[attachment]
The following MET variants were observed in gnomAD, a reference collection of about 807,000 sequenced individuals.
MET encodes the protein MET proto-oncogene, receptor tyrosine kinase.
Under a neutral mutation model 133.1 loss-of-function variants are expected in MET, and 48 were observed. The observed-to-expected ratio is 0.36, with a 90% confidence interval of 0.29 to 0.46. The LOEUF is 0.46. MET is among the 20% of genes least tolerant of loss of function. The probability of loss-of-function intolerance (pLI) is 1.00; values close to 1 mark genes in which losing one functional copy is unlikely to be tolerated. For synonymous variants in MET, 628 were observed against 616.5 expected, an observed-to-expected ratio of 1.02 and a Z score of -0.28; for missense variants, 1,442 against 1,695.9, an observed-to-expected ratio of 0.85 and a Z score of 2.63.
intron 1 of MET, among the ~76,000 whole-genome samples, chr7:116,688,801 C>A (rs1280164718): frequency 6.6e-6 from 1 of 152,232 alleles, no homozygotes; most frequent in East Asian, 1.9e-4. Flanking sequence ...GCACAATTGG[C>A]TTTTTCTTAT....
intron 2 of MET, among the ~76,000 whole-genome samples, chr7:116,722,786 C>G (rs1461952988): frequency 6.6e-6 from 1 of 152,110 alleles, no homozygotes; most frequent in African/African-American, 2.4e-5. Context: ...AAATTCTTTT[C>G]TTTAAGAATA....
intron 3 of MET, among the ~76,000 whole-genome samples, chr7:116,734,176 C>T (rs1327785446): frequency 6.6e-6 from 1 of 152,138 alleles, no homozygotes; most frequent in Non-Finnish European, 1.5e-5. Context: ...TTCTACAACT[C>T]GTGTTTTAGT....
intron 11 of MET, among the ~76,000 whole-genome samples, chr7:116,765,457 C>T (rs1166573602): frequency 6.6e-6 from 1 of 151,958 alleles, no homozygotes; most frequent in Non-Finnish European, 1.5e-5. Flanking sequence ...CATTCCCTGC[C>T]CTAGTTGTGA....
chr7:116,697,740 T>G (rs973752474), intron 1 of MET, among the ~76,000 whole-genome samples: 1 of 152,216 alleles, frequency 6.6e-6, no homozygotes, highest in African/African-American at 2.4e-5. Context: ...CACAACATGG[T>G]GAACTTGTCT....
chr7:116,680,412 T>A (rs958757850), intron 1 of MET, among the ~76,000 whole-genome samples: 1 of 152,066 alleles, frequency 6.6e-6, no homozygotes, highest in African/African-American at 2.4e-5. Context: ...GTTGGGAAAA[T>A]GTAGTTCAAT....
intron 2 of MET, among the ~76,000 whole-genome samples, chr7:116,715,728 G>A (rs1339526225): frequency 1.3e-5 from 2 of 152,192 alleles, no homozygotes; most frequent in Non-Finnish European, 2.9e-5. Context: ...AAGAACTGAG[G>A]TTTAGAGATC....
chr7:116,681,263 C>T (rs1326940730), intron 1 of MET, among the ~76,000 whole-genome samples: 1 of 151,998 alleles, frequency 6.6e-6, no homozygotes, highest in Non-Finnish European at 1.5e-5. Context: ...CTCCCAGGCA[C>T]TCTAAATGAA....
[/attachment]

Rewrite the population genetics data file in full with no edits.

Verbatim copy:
The following MET variants were observed in gnomAD, a reference collection of about 807,000 sequenced individuals.
MET encodes the protein MET proto-oncogene, receptor tyrosine kinase.
Under a neutral mutation model 133.1 loss-of-function variants are expected in MET, and 48 were observed. The observed-to-expected ratio is 0.36, with a 90% confidence interval of 0.29 to 0.46. The LOEUF is 0.46. MET is among the 20% of genes least tolerant of loss of function. The probability of loss-of-function intolerance (pLI) is 1.00; values close to 1 mark genes in which losing one functional copy is unlikely to be tolerated. For synonymous variants in MET, 628 were observed against 616.5 expected, an observed-to-expected ratio of 1.02 and a Z score of -0.28; for missense variants, 1,442 against 1,695.9, an observed-to-expected ratio of 0.85 and a Z score of 2.63.
intron 1 of MET, among the ~76,000 whole-genome samples, chr7:116,688,801 C>A (rs1280164718): frequency 6.6e-6 from 1 of 152,232 alleles, no homozygotes; most frequent in East Asian, 1.9e-4. Flanking sequence ...GCACAATTGG[C>A]TTTTTCTTAT....
intron 2 of MET, among the ~76,000 whole-genome samples, chr7:116,722,786 C>G (rs1461952988): frequency 6.6e-6 from 1 of 152,110 alleles, no homozygotes; most frequent in African/African-American, 2.4e-5. Context: ...AAATTCTTTT[C>G]TTTAAGAATA....
intron 3 of MET, among the ~76,000 whole-genome samples, chr7:116,734,176 C>T (rs1327785446): frequency 6.6e-6 from 1 of 152,138 alleles, no homozygotes; most frequent in Non-Finnish European, 1.5e-5. Context: ...TTCTACAACT[C>T]GTGTTTTAGT....
intron 11 of MET, among the ~76,000 whole-genome samples, chr7:116,765,457 C>T (rs1166573602): frequency 6.6e-6 from 1 of 151,958 alleles, no homozygotes; most frequent in Non-Finnish European, 1.5e-5. Flanking sequence ...CATTCCCTGC[C>T]CTAGTTGTGA....
chr7:116,697,740 T>G (rs973752474), intron 1 of MET, among the ~76,000 whole-genome samples: 1 of 152,216 alleles, frequency 6.6e-6, no homozygotes, highest in African/African-American at 2.4e-5. Context: ...CACAACATGG[T>G]GAACTTGTCT....
chr7:116,680,412 T>A (rs958757850), intron 1 of MET, among the ~76,000 whole-genome samples: 1 of 152,066 alleles, frequency 6.6e-6, no homozygotes, highest in African/African-American at 2.4e-5. Context: ...GTTGGGAAAA[T>A]GTAGTTCAAT....
intron 2 of MET, among the ~76,000 whole-genome samples, chr7:116,715,728 G>A (rs1339526225): frequency 1.3e-5 from 2 of 152,192 alleles, no homozygotes; most frequent in Non-Finnish European, 2.9e-5. Context: ...AAGAACTGAG[G>A]TTTAGAGATC....
chr7:116,681,263 C>T (rs1326940730), intron 1 of MET, among the ~76,000 whole-genome samples: 1 of 151,998 alleles, frequency 6.6e-6, no homozygotes, highest in Non-Finnish European at 1.5e-5. Context: ...CTCCCAGGCA[C>T]TCTAAATGAA....